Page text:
9 2.6 Welfare Measure In order to be able to compare the welfare effects of different government policies, we have to define a welfare criterion. Following the previous literature as for example, Aiyagari and McGrattan (1998) and Flodén (2001), we compute the aggregate value function: Ω t = W t (a, ɛ)dθ t (a, ɛ) This criterion can either be interpreted as (1) a Utilitarian social welfare function where every individual has the same weight for the planner, (2) a steadystate ex ante welfare of an average consumer before realizing income shocks and initial asset holdings or (3) the probability limit of the utility of an infinitely lived dynasty where households utilities are altruistically linked to each other. In order to facilitate the interpretation, we compute the average welfare change in consumption equivalent units, i.e. the consumption that needs to be given to each household in order to make households indifferent on average between two specific policies. 9 More details are provided in the Appendix. 3 Calibration We calibrate the model such that it is consistent with long run features of the US economy. The resulting allocation serves as a benchmark for our welfare calculations. The parameter values that result from our calibration procedure are shown in Table 1. Parameter values that are adopted from the existing literature are given in Table 2. In the following, we discuss the rationale behind our parameter choices in greater detail. 3.1 Utility Function and Production Technology We assume that preferences can be represented by a constant relative risk aversion utility function: u(c, 1 l) = (cη (1 l) 1 η ) 1 µ 1 µ µ determines the curvature of the utility function. We set µ to 2. This implies a coefficient of risk aversion of 1 µ + ηµ = 1.3, which is well in the range (between 1 and 3) commonly chosen in the literature. η denotes the share of consumption in the utility function. We calibrate η such that the average share of time worked is 0.3. This results in η = This choice implies an aggregate Frisch elasticity of This is broadly in line with the outcome of other macro models in which the Frisch elasticity of the overall population is considered, but an order of magnitude larger than the Frisch elasticity estimated using micro data from prime age workers More precisely, this measure provides the percentage increase in benchmark consumption at every date and state (with leisure at every date and state held fixed at benchmark values) that leads to the same welfare (under the benchmark policy) as under the new policy. 10 For our choice of the utility function, the Frisch elasticity is given by (1 µ + ηµ)/µ (T l)/ l, where T denotes the time endowment (normalized to 1 in our case) and l denotes the fraction of time spend at work, in our case The debate on whether micro and macro elasticities are consistent is ongoing. See Keane and Rogerson (2011) for a summary. 8
10 We assume that the aggregate technology is given by a CobbDouglas production function: F (K, XN) = K α (XN) 1 α Initial technology is normalized to X 0 = 1, such that X t = (1 + g) t. We set g = 0.02, which implies that our economy grows at a rate of 2 percent per year. The parameter α, which denotes the share of capital in total production, is set to 0.3. This implies a labor share of 0.7. The discount factor β is chosen such that the model reproduces a wealthoutput ratio of 3.1 (cf. Cooley and Prescott (1995) or Ábrahám and CárcelesPoveda (2010)). The resulting β is equal to The annual depreciation rate δ is set to 7 percent, which is a common value in the literature (see e.g. Trabandt and Uhlig (2009)). Table 1: Calibrated Parameter Values Parameter Value Target Data Model Discount factor, β 0.96 Capital to output ratio Weight of consumpt. in the util. funct., η 0.31 Average labor supply Borrowing constraint a 0.3 % of HH with no assets or debt Gov. spending/gdp, G 0.15 gov. budget constraint clearing Taxes and Government Debt Following Trabandt and Uhlig (2009), we set the labor income tax rate, τ l, to 0.28, and we set the asset income tax rate, τ k, to This implicitly defines the baseline component of our tax system τ l = τ = 0.28 and the premium on the asset income tax ζ = τ k τ = Lumpsum transfers/gdp, χ, are set to 0.083, also in accordance with Trabandt and Uhlig (2009). Similar values are reported by Mendoza, Razin, and Tesar (1994) for an earlier time period, as well. Following Aiyagari and McGrattan (1998), we use a debt/gdp ratio of Aiyagari and McGrattan (1998) calculate this figure as the average of the sum of US federal and state debt divided by gross domestic product over the postwar period. Table 2: Parameters Set Exogenously Parameter Value Capital s share, α 0.3 Growth rate, g 0.02 Debt/GDP, B 0.66 Labor tax, τ l 0.28 Capital tax, τ k 0.36 Transfers/GDP, χ Curvature µ 2 9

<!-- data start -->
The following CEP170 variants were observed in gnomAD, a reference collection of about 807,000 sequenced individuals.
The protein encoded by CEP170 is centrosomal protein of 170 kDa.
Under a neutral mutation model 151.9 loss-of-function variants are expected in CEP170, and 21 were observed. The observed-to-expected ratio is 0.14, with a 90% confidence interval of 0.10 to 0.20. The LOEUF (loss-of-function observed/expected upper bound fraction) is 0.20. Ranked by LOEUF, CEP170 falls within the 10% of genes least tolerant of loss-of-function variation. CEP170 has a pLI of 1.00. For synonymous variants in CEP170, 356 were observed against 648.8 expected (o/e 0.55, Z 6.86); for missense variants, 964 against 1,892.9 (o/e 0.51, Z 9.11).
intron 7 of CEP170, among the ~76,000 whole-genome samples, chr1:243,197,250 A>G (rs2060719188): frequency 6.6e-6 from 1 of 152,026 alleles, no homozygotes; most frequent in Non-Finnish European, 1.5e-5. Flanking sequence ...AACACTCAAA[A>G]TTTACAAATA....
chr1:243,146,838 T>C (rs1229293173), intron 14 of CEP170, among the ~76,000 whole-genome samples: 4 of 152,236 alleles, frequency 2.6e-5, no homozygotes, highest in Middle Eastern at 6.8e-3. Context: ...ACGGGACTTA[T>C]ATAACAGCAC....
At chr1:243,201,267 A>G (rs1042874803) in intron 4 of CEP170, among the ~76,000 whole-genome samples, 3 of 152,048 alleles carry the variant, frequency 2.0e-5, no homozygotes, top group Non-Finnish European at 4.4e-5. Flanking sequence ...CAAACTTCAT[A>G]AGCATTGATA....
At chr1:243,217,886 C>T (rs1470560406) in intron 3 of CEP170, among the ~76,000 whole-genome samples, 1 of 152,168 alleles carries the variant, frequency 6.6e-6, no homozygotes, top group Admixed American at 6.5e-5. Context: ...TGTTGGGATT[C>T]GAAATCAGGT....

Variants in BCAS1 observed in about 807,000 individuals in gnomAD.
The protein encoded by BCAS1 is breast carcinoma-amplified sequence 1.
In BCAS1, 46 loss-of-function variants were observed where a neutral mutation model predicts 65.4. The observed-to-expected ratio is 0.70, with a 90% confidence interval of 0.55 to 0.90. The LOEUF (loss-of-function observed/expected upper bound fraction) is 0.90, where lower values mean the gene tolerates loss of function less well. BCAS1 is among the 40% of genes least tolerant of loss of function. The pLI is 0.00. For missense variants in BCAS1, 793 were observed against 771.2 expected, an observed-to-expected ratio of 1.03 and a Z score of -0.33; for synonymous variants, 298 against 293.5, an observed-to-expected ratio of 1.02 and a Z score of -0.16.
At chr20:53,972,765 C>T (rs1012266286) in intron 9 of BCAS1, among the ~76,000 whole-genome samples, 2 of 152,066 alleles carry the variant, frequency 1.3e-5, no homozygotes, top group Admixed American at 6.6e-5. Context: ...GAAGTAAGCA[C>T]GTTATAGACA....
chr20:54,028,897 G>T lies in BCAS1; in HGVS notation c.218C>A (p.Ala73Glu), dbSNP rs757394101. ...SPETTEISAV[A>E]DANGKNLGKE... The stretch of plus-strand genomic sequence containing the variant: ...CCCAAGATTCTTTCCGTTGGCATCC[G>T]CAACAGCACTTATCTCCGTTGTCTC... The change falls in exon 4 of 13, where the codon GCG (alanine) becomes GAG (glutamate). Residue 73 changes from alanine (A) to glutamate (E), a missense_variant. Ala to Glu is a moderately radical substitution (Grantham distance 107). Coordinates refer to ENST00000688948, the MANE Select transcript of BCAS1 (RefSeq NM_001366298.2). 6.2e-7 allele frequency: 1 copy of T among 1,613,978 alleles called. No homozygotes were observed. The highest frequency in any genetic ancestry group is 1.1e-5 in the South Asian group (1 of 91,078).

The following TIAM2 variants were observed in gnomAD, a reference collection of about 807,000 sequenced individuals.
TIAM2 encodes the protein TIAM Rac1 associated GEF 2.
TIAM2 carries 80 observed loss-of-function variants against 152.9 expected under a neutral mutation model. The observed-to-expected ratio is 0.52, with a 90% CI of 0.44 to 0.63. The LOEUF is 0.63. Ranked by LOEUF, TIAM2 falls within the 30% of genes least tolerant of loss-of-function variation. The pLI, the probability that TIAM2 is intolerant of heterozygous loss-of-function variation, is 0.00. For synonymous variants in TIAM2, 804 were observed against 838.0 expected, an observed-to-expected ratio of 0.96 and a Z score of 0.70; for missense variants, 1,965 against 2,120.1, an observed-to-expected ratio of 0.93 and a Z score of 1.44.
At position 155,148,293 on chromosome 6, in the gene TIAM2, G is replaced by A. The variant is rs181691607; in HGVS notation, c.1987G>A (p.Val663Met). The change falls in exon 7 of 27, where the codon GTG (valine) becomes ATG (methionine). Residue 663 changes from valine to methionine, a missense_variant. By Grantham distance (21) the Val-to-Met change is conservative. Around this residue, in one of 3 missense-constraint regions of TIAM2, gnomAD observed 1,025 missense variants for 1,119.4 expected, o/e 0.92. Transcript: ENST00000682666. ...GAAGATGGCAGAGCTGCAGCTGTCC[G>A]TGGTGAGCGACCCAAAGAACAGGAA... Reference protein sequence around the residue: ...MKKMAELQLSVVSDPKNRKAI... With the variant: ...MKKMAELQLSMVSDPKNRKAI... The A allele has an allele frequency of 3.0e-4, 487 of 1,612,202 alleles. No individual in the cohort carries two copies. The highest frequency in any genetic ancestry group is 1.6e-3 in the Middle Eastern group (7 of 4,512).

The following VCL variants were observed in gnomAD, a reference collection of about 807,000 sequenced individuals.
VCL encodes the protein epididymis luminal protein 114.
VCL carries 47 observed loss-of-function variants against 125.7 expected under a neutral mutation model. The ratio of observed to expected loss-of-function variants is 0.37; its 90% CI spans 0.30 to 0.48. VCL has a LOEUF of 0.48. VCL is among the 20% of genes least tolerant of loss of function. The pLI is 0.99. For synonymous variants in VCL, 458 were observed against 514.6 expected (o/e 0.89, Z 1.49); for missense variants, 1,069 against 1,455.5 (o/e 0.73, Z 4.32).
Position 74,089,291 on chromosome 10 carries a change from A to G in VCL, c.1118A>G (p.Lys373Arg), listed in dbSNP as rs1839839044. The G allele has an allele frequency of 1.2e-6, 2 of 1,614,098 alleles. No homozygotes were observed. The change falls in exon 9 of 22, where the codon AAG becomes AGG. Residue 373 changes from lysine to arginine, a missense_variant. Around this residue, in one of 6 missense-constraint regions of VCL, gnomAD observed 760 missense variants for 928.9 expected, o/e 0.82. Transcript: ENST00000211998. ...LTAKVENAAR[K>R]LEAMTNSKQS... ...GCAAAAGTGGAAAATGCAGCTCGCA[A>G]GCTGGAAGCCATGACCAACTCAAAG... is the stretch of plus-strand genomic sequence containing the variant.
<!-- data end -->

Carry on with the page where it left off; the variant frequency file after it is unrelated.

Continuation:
11 Finally, government spending/gdp, G, is set such that the government s budget constraint clears, given all other parameters. 3.3 Income Process We calibrate the vector of income states, s, and the transition matrix, Π, such that the distribution of earnings and net worth generated by the model are consistent with the data. Disciplining the model such that it is consistent with the skewed distribution of earnings and wealth observable in the US economy is key for assessing the welfaremaximizing government debt/gdp ratio. In particular, we are interested in the share of (consumption) poor households in the economy, who matter more in our Utilitarian welfare criterion, given the concavity of the utility function. In addition, matching inequality is also important in order to determine the factor income composition of the poor, which in turn determines whether poor households gain or lose from changes in government debt. We compute the distribution of earnings and net financial assets from the 2007 Survey of Consumer Finances (SCF) (see Table 3 and 4). We define net financial assets as net worth excluding housing and other durable goods, following Ábrahám and CárcelesPoveda (2010). Earnings are defined as labor earnings (wages and salaries) plus a fraction of business income before taxes, excluding government transfers. 12 This definition is close to the concept of earnings that is implied by our model as well. Table 3: Distributional Properties at Benchmark Stationary Economy Q1 Q2 Q3 Q4 Q5 Gini Net financial assets Data 1.60% 0.10% 1.64% 8.29% 91.57% 0.90 Baseline Economy 1.57% 0.88% 3.92% 7.23% 89.54% 0.83 Aiyagari/McGrattan s Economy 3.24% 10.07% 16.96% 25.71% 44.03% 0.41 Earnings Data 0.40% 3.19% 12.49% 23.33% 61.39% 0.62 Baseline Economy 0.00% 2.38% 12.58% 22.73% 62.31% 0.65 Aiyagari/McGrattan s Economy 1.21% 9.70% 16.18% 26.85% 46.07% 0.45 Remarks: Quintiles (Q1Q5) denote net financial assets (resp. earnings) of a group in percent of total net financial assets (resp. earnings). The entries in data are computed from the 2007 SCF. See main text for precise definitions. Notice that earnings can be negative due to the fact that labor earnings also contain part of the gains (or losses) of small enterprises. Table 3 and 4 show that both earnings and net financial assets are very unequally distributed in the data. The richest 20 percent of the population hold more than 90 percent of all financial assets, net of debt. The distribution of earnings is less skewed. Households in the top quintile earn around 60 percent 12 Unfortunately, it is not declared exactly in the SCF how much of the business income is actually labor and how much is capital income. We take business income from sole proprietorship or a farm to be labor earnings, whereas we define business income from other businesses or investments, net rent, trusts, or royalties as capital income. 10